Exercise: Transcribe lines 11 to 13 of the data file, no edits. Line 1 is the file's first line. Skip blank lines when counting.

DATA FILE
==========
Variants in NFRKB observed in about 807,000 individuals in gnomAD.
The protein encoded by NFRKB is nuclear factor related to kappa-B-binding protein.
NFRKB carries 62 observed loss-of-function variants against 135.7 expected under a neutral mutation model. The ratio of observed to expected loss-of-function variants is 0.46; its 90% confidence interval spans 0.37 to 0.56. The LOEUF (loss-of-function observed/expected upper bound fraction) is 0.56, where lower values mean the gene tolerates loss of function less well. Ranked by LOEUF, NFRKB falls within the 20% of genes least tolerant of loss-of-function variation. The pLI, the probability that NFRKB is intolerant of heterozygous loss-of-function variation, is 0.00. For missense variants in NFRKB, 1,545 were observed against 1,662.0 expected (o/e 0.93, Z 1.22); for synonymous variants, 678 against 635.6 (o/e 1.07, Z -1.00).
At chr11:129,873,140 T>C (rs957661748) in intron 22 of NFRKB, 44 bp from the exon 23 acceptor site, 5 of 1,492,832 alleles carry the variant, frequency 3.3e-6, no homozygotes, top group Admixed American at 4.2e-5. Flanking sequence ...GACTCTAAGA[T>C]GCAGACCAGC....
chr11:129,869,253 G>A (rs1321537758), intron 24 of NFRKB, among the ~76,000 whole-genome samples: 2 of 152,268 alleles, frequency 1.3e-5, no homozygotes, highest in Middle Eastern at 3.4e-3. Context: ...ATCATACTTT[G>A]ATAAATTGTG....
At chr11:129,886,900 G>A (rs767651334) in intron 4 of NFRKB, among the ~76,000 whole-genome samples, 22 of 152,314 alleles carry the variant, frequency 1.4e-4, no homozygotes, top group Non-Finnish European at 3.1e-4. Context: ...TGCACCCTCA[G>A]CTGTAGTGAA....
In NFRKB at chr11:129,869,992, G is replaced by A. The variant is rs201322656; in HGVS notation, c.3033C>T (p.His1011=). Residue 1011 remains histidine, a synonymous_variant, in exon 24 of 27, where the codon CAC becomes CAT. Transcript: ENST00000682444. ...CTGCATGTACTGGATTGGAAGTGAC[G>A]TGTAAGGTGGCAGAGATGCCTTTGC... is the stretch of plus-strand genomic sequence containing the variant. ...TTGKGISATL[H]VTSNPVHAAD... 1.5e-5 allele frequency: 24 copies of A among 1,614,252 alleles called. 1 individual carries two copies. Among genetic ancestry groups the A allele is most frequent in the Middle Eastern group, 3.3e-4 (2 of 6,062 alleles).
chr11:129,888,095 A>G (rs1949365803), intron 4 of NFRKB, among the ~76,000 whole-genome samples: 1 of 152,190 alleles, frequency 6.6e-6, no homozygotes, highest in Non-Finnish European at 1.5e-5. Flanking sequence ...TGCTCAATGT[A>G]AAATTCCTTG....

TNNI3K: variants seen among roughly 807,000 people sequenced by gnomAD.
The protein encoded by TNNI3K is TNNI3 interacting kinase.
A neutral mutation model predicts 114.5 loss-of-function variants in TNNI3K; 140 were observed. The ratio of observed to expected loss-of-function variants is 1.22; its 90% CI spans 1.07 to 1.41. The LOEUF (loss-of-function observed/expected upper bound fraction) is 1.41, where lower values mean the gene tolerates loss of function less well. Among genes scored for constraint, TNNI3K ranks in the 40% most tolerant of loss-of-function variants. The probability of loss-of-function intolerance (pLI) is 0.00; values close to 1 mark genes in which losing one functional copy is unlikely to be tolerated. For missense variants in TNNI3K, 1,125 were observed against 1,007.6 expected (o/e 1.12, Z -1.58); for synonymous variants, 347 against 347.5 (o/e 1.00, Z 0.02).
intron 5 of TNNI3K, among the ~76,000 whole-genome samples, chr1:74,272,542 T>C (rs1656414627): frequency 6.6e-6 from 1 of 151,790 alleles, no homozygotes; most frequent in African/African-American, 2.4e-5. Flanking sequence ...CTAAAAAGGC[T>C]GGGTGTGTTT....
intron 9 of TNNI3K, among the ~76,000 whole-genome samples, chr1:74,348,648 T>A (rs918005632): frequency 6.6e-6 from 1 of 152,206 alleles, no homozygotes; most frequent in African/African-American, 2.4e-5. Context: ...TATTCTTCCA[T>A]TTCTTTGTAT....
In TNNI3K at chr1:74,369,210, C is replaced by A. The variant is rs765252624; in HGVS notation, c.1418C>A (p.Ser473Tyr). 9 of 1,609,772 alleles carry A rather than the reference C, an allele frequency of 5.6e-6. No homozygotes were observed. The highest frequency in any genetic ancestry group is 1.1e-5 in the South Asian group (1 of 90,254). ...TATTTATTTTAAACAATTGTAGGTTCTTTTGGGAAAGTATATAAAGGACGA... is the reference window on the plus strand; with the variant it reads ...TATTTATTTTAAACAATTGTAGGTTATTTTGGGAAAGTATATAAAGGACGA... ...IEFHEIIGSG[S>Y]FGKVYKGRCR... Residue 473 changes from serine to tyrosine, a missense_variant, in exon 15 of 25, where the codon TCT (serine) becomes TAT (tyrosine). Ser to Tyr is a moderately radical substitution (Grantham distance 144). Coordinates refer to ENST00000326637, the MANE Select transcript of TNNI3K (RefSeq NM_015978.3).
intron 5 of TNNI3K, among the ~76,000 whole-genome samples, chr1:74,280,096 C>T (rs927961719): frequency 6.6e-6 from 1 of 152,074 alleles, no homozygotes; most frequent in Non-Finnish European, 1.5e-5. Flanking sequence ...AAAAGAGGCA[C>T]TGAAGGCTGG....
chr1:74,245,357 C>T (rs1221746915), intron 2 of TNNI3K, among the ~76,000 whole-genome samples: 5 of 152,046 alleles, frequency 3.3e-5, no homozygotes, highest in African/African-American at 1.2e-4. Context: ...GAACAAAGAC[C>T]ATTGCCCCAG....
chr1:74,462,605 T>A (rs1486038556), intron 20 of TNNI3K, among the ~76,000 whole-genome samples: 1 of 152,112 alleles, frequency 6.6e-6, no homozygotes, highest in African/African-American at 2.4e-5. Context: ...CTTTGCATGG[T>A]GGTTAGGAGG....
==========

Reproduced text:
A neutral mutation model predicts 114.5 loss-of-function variants in TNNI3K; 140 were observed. The ratio of observed to expected loss-of-function variants is 1.22; its 90% CI spans 1.07 to 1.41. The LOEUF (loss-of-function observed/expected upper bound fraction) is 1.41, where lower values mean the gene tolerates loss of function less well. Among genes scored for constraint, TNNI3K ranks in the 40% most tolerant of loss-of-function variants. The probability of loss-of-function intolerance (pLI) is 0.00; values close to 1 mark genes in which losing one functional copy is unlikely to be tolerated. For missense variants in TNNI3K, 1,125 were observed against 1,007.6 expected (o/e 1.12, Z -1.58); for synonymous variants, 347 against 347.5 (o/e 1.00, Z 0.02).
intron 5 of TNNI3K, among the ~76,000 whole-genome samples, chr1:74,272,542 T>C (rs1656414627): frequency 6.6e-6 from 1 of 151,790 alleles, no homozygotes; most frequent in African/African-American, 2.4e-5. Flanking sequence ...CTAAAAAGGC[T>C]GGGTGTGTTT....
intron 9 of TNNI3K, among the ~76,000 whole-genome samples, chr1:74,348,648 T>A (rs918005632): frequency 6.6e-6 from 1 of 152,206 alleles, no homozygotes; most frequent in African/African-American, 2.4e-5. Context: ...TATTCTTCCA[T>A]TTCTTTGTAT....